If for some reason you want to (or have to) include other non-mesh loop equations, there’s another guideline. You will get independent equations if every loop includes one element not in any other loop. That will usually be enough to give you the equations you need (there’s an interesting exception, described below).

### Selecting meshes and loops

Our example circuit has $6$ available loops. From that set of choices, we need to come up with $3$ independent KVL equations.

The simplest way is to pick the three meshes, $\goldD{\text{I}}$, $\goldD{\text{II}}$, and $\goldD{\text{III}}$. You are a winner! The meshes produce the right number of equations, and they are guaranteed to be independent. This is the basis of the Mesh Current Method.

We could choose another valid set of loops from the example circuit, $\greenD{\text{IV}}$, $\blueD{\text V}$, and $\maroonC{\text{VI}}$. Why might this be a good set?

• $3$ loops provide $3$ equations, as required by $E-(N-1) = 3$.
• Every element is included in a loop.

This set of loops has an interesting feature. Trace out loops $\greenD{\text{IV}}$ and $\blueD{\text V}$ and notice together they contain every element in the circuit. Why do you need another loop equation? Can $\maroonC{\text{VI}}$ be left out? No! We still need $3$ equations. Look again carefully at loops $\greenD{\text{IV}}$ and $\blueD{\text V}$. They share no elements. They are actually two separate circuits that don’t touch. The job of the loop $\maroonC{\text{VI}}$ equation is to tie the other two loops together.

## Concept check

Some choices do not meet the guidelines. Can you tell why?

• $\goldD{\text I}$, $\blueD{\text V}$, and $\maroonC{\text{VI}}\quad$
why?

This set misses the resistor next to the current source. Every element needs a chance to influence the result.

• $\greenD{\text{IV}}$ and $\blueD{\text{V}}\quad$
why?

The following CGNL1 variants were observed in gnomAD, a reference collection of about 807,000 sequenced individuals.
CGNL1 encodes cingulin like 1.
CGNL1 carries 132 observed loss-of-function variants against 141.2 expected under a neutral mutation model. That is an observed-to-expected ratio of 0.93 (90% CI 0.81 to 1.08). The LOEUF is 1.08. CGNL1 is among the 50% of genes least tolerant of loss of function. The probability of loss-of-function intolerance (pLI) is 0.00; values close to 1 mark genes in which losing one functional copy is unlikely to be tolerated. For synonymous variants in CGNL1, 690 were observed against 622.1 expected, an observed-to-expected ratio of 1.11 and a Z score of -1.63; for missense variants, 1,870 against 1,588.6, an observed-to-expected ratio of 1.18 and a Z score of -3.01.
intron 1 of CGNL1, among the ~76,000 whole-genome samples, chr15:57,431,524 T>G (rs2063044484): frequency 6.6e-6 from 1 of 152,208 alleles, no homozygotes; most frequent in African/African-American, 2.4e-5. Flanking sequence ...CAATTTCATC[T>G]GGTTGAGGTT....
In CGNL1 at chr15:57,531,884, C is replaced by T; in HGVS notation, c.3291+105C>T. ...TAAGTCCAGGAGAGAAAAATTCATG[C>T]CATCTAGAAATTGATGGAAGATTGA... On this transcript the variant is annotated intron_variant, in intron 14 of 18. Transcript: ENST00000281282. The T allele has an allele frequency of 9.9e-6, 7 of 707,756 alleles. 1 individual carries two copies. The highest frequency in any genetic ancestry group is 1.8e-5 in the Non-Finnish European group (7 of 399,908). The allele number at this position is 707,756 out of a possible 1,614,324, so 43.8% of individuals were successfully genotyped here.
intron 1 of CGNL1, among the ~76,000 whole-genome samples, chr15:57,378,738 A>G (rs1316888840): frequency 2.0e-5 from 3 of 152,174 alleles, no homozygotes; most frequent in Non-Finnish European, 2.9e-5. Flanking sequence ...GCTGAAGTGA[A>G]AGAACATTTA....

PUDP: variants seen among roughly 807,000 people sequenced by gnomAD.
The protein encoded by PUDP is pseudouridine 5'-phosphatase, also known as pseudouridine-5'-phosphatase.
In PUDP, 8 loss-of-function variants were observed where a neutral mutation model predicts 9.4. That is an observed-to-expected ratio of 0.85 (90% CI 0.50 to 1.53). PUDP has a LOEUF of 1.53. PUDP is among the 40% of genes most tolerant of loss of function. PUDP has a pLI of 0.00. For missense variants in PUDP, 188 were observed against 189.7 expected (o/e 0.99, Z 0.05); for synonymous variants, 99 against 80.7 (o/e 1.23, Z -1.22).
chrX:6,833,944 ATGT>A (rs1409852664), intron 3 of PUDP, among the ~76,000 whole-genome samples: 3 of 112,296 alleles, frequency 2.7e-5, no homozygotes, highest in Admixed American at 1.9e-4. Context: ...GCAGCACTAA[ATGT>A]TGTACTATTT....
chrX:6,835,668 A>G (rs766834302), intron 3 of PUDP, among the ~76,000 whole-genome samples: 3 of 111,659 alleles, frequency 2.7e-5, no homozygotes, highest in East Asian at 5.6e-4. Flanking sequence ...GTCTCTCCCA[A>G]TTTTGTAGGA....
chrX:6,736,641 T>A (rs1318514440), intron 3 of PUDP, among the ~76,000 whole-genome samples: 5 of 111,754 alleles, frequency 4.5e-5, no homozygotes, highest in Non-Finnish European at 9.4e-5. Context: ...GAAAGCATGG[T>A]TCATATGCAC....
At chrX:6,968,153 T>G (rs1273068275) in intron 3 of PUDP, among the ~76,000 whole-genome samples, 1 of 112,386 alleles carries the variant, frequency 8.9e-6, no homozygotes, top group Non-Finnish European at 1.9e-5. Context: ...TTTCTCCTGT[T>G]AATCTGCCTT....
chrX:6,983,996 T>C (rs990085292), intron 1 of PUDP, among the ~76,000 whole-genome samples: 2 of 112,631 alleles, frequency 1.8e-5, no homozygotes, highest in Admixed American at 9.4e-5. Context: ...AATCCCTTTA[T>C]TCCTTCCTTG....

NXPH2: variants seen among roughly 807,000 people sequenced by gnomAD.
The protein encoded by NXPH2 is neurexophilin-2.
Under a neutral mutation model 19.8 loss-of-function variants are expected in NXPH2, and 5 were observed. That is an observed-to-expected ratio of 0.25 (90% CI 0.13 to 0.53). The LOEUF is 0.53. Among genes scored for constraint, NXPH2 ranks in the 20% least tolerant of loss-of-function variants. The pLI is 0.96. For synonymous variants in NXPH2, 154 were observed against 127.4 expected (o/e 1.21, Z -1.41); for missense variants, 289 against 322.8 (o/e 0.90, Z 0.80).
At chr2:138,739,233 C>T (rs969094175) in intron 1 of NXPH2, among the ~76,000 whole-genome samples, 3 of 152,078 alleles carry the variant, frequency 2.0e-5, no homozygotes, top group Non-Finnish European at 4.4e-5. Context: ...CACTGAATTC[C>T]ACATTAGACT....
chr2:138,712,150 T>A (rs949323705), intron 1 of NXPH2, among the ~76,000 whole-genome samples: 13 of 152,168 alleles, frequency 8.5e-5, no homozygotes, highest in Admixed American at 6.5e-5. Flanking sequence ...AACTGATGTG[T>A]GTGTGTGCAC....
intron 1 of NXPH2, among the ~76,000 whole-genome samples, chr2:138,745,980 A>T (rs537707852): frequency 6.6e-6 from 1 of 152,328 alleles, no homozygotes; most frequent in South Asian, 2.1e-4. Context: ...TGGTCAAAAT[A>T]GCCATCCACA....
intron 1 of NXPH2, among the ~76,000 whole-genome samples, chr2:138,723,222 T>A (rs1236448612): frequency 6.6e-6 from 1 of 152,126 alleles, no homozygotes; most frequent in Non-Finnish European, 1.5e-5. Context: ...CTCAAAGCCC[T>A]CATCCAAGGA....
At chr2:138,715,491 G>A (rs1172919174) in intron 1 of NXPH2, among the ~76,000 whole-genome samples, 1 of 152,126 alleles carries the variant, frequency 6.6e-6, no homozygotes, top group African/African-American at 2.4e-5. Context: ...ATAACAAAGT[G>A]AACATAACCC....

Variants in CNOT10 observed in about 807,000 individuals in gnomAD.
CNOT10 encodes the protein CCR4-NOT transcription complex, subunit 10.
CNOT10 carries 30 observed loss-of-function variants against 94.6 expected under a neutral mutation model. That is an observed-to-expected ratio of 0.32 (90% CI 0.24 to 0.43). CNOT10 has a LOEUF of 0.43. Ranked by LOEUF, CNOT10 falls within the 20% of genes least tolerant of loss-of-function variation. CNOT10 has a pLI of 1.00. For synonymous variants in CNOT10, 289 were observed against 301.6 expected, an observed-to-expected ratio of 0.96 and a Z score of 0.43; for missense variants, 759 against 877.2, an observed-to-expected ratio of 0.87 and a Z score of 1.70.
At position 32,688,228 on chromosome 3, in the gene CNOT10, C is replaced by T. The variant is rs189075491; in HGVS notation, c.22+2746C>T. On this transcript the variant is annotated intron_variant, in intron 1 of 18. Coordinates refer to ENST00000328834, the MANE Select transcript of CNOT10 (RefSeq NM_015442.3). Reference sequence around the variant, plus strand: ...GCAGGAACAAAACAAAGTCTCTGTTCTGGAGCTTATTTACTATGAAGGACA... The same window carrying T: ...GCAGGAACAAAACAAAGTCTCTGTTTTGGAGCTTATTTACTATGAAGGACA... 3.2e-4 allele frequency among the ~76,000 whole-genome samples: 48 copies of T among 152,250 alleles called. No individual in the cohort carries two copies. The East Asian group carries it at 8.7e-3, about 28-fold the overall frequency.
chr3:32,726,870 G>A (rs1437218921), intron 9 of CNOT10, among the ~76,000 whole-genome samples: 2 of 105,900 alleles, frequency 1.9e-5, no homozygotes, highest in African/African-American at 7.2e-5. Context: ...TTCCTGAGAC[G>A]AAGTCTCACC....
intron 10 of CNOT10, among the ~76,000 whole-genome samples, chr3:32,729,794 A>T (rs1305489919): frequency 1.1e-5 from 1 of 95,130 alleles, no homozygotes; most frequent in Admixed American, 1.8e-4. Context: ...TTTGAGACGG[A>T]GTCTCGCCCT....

This set only produces $2$ equations, and $3$ are required. This is true, even though the loops together pass through every element. You still are required to have $3$ equations to fully describe/constrain the circuit. This is why the good set listed above works, $\greenD{\text{IV}}$, $\blueD{\text V}$, and $\maroonC{\text{VI}}$.

• $\goldD{\text I}$, $\goldD{\text{II}}$, $\goldD{\text{III}}$, and $\maroonC{\text{VI}}\quad$
why?

You could get the answer with $4$ loops, but it's more than you need. $4$ exceeds the number of required equations, $E-(N-1) = 3$. That means one of the equations is linearly dependent on the others, and can be left out.

Don’t shy away from using loops; just be alert and thoughtful about it.

When might I want to select non-mesh loops? There are some circuits where we want to use loops, and others where we are forced to use loops in addition to meshes. These special cases are described in the Loop Current Method.

## Summary

There are three constraints placed on currents and voltages in a circuit,

• $i$-$v$ element laws
• Kirchhoff’s Current Law
• Kirchhoff’s Voltage Law

The system of equations you write captures these constraints.

For a circuit with $E$ elements and $N$ nodes,

• You need $2E$ independent equations to solve the circuit.
• You get
• $E$ equations from the $i$-$v$ law for each component (Ohm’s Law and the like).
• $N-1$ independent node equations using KCL.
• $E - (N-1)$ independent loop equations using KVL.

Counting the meshes tells you the right number of independent KVL equations.

If you write KVL equations for non-mesh loops, a loop with at least one element not in any other loop is sure to be independent.

Keep selecting loops and writing equations until you have $E - (N-1)$ equations.

## Reference

This short paper presents an inductive proof showing, for a circuit with $b$ branches and $n$ nodes, the number of linearly independent KCL node equations is $n - 1$ and the number of independent KVL loop equations of is $b - n + 1$. (An inductive proof starts super simple and adds complexity.)

Feldmann, Peter & A. Rohrer, Ronald. (1991). “Proof of the Number of Independent Kirchhoff Equations in an Electrical Circuit.” Circuits and Systems, IEEE Transactions on. 38. 681 - 684. 10.1109/31.135739. Also try here.